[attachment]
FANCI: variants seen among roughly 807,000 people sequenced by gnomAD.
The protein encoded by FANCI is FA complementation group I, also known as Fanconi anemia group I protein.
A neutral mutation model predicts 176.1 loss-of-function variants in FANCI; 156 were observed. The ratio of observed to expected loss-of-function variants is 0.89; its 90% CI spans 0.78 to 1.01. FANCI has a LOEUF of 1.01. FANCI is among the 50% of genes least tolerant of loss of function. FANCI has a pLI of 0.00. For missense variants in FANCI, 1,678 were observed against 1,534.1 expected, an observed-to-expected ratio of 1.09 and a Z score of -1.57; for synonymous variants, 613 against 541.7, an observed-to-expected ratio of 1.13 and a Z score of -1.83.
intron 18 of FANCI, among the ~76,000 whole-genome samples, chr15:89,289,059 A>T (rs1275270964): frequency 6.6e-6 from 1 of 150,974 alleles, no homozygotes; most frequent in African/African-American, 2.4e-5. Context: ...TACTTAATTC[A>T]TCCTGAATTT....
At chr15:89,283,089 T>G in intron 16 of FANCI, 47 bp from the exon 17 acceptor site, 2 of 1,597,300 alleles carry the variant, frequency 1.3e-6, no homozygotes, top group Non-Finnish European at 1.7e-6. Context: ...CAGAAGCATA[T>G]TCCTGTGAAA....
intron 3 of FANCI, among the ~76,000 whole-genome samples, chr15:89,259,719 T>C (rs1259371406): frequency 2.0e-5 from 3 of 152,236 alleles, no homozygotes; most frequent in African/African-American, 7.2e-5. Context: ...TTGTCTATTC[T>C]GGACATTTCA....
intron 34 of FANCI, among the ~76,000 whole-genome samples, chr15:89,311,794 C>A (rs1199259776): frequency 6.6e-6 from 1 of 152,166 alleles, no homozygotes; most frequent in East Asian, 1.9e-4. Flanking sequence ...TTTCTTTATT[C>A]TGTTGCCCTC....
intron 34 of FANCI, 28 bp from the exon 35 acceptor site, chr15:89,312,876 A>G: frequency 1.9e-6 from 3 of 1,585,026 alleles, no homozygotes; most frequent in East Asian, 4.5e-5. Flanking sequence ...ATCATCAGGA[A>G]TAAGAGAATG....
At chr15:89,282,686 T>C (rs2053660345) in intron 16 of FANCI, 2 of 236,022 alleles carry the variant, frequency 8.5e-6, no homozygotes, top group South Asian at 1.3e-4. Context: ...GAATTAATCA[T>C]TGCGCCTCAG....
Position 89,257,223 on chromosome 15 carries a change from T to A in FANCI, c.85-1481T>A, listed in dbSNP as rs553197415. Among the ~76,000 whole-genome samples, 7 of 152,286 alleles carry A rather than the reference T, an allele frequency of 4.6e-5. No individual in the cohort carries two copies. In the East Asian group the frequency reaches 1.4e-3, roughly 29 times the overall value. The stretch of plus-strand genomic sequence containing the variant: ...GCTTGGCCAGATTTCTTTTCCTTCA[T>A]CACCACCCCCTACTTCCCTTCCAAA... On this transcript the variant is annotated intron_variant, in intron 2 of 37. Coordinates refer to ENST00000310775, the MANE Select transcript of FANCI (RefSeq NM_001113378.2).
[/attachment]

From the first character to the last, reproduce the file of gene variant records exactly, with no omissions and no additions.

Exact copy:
FANCI: variants seen among roughly 807,000 people sequenced by gnomAD.
The protein encoded by FANCI is FA complementation group I, also known as Fanconi anemia group I protein.
A neutral mutation model predicts 176.1 loss-of-function variants in FANCI; 156 were observed. The ratio of observed to expected loss-of-function variants is 0.89; its 90% CI spans 0.78 to 1.01. FANCI has a LOEUF of 1.01. FANCI is among the 50% of genes least tolerant of loss of function. FANCI has a pLI of 0.00. For missense variants in FANCI, 1,678 were observed against 1,534.1 expected, an observed-to-expected ratio of 1.09 and a Z score of -1.57; for synonymous variants, 613 against 541.7, an observed-to-expected ratio of 1.13 and a Z score of -1.83.
intron 18 of FANCI, among the ~76,000 whole-genome samples, chr15:89,289,059 A>T (rs1275270964): frequency 6.6e-6 from 1 of 150,974 alleles, no homozygotes; most frequent in African/African-American, 2.4e-5. Context: ...TACTTAATTC[A>T]TCCTGAATTT....
At chr15:89,283,089 T>G in intron 16 of FANCI, 47 bp from the exon 17 acceptor site, 2 of 1,597,300 alleles carry the variant, frequency 1.3e-6, no homozygotes, top group Non-Finnish European at 1.7e-6. Context: ...CAGAAGCATA[T>G]TCCTGTGAAA....
intron 3 of FANCI, among the ~76,000 whole-genome samples, chr15:89,259,719 T>C (rs1259371406): frequency 2.0e-5 from 3 of 152,236 alleles, no homozygotes; most frequent in African/African-American, 7.2e-5. Context: ...TTGTCTATTC[T>C]GGACATTTCA....
intron 34 of FANCI, among the ~76,000 whole-genome samples, chr15:89,311,794 C>A (rs1199259776): frequency 6.6e-6 from 1 of 152,166 alleles, no homozygotes; most frequent in East Asian, 1.9e-4. Flanking sequence ...TTTCTTTATT[C>A]TGTTGCCCTC....
intron 34 of FANCI, 28 bp from the exon 35 acceptor site, chr15:89,312,876 A>G: frequency 1.9e-6 from 3 of 1,585,026 alleles, no homozygotes; most frequent in East Asian, 4.5e-5. Flanking sequence ...ATCATCAGGA[A>G]TAAGAGAATG....
At chr15:89,282,686 T>C (rs2053660345) in intron 16 of FANCI, 2 of 236,022 alleles carry the variant, frequency 8.5e-6, no homozygotes, top group South Asian at 1.3e-4. Context: ...GAATTAATCA[T>C]TGCGCCTCAG....
Position 89,257,223 on chromosome 15 carries a change from T to A in FANCI, c.85-1481T>A, listed in dbSNP as rs553197415. Among the ~76,000 whole-genome samples, 7 of 152,286 alleles carry A rather than the reference T, an allele frequency of 4.6e-5. No individual in the cohort carries two copies. In the East Asian group the frequency reaches 1.4e-3, roughly 29 times the overall value. The stretch of plus-strand genomic sequence containing the variant: ...GCTTGGCCAGATTTCTTTTCCTTCA[T>A]CACCACCCCCTACTTCCCTTCCAAA... On this transcript the variant is annotated intron_variant, in intron 2 of 37. Coordinates refer to ENST00000310775, the MANE Select transcript of FANCI (RefSeq NM_001113378.2).